Outlook for 2011-15: International relations
Under the leadership of the previous prime minister, Abdullah Badawi, and now that of Mr Najib, economic links with Singapore have become closer, and we expect economic ties to strengthen further in the next five years. There is no longer constant bickering over minor issues, although a degree of racially tinged wariness persists. Solutions to outstanding disagreements—especially over water supplied to Singapore by Malaysia—are likely to be reached in the forecast period (2011-15). China will become an increasingly important trading partner in the next five years. The Malaysian government's apprehensiveness about China's rise and growing economic influence is mixed with ambivalence towards ethnic Chinese among its own population and a need to attract investment. As Malaysia's economic dependence on China grows, uneasiness in Malaysia about Chinese power in South-east Asia is expected to increase.
Outlook for 2011-15: Policy trends
The policy agenda during the forecast period will be guided by a host of initiatives aimed at raising income levels and achieving the government's goal of turning Malaysia into a high-income nation by 2020. Under the Government Transformation Programme, the BN has outlined six "national key result areas", which include tackling corruption, improving education and upgrading basic rural infrastructure. In addition, a recently unveiled Economic Transformation Programme identifies eight strategic reform initiatives, including reinvigorating private investment, and 12 national key economic areas (NKEAs) that are to be prioritised. The government considers the NKEAs, which include tourism and palm oil cultivation, to be the sectors with the greatest potential to boost overall economic growth. The Tenth Malaysia Plan (10MP), a medium-term spending plan for 2011-15, will support the implementation of these programmes. Specific issues on the reform agenda for the next few years include the phasing out of price controls and subsidies, in a process that is widely considered to be necessary to create a competitive domestic economy. The government will also push ahead with changes to the bumiputera positive-discrimination policies. It has already relaxed a requirement that obliged companies to offer minority equity stakes to bumiputera. It hopes that further reforms will attract greater inflows of foreign direct investment, which it believes has the potential to be a major engine of growth in the next five years. However, the government is unlikely to dismantle affirmative-action policies altogether, for fear of alienating its Malay support base.
Outlook for 2011-15: Fiscal policy
The government will make only slow progress in bringing its budget close to balance during the next five years. In its budget plans for 2011 the government is targeting a deficit equivalent to 5.4% of GDP, which would represent only a small reduction compared with its estimate of a shortfall of 5.6% of GDP in 2010. We expect the government to be fairly successful in adhering to its budget plans for 2011, which feature an increase in spending of 2.8% compared with estimated total expenditure in 2010. Although it will rein in subsidies, the government will continue to spend heavily on supplies and services in 2011. Debt-servicing costs will also rise, and are expected to account for around 10% of total operating expenditure in 2011. The budget is forecast to remain in deficit in 2012-15. However, assuming that the government reduces operating expenditure and has some success in increasing revenue by expanding the tax base, the deficit will shrink to an average of 4.3% of GDP during that period. A widening of the tax base is expected to be achieved through the introduction of a goods and services tax (GST), although implementation of the tax is likely to be hampered by opposition from households and businesses. Further moves to alter the subsidy structure could also prove unpopular.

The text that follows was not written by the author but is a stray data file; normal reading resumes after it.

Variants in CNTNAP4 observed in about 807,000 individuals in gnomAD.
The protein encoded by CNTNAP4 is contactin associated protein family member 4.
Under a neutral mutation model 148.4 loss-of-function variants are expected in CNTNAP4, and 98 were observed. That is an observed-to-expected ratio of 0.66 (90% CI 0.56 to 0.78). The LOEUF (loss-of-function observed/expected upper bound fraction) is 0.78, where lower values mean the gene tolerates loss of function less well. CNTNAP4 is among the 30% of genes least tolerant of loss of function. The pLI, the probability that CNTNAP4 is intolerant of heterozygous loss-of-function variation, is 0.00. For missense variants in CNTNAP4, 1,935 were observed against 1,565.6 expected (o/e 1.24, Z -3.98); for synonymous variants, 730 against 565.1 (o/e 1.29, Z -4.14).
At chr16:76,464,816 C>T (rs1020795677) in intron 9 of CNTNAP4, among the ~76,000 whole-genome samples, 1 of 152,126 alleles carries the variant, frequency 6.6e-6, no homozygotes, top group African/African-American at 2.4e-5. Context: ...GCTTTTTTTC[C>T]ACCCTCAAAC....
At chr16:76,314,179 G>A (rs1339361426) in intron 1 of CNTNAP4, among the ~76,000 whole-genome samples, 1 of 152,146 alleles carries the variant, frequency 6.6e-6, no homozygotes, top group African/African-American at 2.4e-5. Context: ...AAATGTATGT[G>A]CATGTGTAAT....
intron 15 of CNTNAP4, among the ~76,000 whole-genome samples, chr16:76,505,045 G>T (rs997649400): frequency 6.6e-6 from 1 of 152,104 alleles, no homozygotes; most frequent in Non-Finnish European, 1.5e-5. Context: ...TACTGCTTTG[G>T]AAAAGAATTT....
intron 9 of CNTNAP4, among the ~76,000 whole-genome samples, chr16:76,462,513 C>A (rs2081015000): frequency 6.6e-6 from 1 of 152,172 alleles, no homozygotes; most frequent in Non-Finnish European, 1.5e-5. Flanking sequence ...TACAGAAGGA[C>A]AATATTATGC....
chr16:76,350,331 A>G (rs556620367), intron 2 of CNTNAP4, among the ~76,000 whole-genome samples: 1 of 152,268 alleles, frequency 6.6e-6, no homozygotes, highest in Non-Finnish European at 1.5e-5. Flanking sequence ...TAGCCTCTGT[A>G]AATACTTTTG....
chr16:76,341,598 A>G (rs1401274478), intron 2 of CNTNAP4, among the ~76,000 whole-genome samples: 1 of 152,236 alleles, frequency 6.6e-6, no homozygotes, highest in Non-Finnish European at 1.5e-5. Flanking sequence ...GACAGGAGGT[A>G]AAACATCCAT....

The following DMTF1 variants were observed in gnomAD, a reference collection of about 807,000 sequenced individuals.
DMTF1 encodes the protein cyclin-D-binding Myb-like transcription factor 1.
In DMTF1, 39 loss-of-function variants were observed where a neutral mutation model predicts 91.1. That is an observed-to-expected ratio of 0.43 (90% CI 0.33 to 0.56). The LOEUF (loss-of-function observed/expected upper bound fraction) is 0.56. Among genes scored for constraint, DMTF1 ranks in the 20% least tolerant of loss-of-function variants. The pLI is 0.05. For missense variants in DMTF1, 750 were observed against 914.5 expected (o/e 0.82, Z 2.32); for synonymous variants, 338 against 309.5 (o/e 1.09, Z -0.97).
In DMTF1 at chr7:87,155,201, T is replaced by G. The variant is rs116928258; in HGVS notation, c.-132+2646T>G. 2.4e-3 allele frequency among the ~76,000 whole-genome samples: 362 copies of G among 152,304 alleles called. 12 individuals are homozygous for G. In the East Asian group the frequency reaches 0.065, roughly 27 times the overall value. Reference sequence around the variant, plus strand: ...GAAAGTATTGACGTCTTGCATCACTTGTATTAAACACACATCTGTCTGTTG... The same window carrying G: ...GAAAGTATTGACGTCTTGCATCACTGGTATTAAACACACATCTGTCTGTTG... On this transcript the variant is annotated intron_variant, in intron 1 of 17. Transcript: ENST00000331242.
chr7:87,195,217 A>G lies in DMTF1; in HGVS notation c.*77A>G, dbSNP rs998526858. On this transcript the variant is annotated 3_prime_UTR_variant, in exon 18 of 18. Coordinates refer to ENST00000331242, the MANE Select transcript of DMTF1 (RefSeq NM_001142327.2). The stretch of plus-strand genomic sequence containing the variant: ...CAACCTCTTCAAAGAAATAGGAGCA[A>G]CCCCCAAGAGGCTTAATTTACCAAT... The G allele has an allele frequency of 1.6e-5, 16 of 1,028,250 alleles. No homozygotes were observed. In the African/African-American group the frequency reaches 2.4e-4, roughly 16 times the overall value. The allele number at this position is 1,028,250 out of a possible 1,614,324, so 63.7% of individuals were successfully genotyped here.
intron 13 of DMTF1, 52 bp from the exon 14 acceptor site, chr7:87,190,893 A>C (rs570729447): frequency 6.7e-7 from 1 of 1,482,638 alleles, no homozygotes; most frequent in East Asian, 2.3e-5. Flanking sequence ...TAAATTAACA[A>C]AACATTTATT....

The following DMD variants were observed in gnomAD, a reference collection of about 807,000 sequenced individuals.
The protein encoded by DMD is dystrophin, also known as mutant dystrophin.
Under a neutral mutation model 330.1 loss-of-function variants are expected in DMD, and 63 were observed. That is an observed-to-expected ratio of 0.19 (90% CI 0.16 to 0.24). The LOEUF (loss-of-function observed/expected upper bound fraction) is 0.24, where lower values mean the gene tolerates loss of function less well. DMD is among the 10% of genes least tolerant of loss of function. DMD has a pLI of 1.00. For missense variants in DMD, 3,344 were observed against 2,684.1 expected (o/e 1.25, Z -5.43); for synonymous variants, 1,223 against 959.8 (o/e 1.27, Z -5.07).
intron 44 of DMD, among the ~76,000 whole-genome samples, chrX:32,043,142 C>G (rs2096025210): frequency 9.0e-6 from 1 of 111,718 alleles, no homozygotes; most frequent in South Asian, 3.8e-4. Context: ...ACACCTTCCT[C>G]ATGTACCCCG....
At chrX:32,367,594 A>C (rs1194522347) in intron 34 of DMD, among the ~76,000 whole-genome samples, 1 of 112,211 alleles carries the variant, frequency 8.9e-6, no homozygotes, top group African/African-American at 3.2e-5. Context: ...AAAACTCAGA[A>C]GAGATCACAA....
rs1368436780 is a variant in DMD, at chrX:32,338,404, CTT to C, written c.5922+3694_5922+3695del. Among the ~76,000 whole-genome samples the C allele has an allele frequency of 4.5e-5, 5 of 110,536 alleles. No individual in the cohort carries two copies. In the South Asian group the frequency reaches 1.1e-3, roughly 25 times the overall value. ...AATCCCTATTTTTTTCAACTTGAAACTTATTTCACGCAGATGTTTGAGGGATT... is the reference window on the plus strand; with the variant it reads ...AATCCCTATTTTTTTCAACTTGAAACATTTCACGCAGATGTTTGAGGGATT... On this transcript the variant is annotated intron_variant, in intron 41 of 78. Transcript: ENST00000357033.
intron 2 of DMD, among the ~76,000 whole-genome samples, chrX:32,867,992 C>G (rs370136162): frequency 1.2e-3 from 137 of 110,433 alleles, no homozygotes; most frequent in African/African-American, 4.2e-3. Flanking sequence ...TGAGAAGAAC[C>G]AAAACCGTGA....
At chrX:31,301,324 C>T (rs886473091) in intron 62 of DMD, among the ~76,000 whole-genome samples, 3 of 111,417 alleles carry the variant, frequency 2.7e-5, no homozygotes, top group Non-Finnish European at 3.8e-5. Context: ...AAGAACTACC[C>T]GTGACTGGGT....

Outlook for 2011-15: Monetary policy
Bank Negara Malaysia (BNM, the central bank) is expected to continue to make incremental changes to its main interest rate, the overnight policy rate (OPR), during the early part of the forecast period as it proceeds with the normalisation of monetary policy. BNM has raised the OPR three times since March 2010, by a total of 75 basis points, bringing the rate up to 2.75%, after having cut it to a record low in response to the dramatic downturn in the Malaysian economy that occurred in 2009. However, the recent sharp appreciation of the local currency, the ringgit, and signs of slower economic growth suggest that further rises in official interest rates in the next few months are unlikely. BMN does not expect inflation to rise to problematic levels, believing that it will remain moderate in 2011 as strengthening domestic demand is accompanied by only a gradual acceleration in the rate of price increases. In 2011 we do not expect the OPR to exceed the high of 3.5% at which it stood in 2007 and much of 2008. But a quickening in the pace of domestic demand growth from 2012 will prompt BNM to raise the OPR above this level during the remainder of the forecast period to contain inflationary pressures.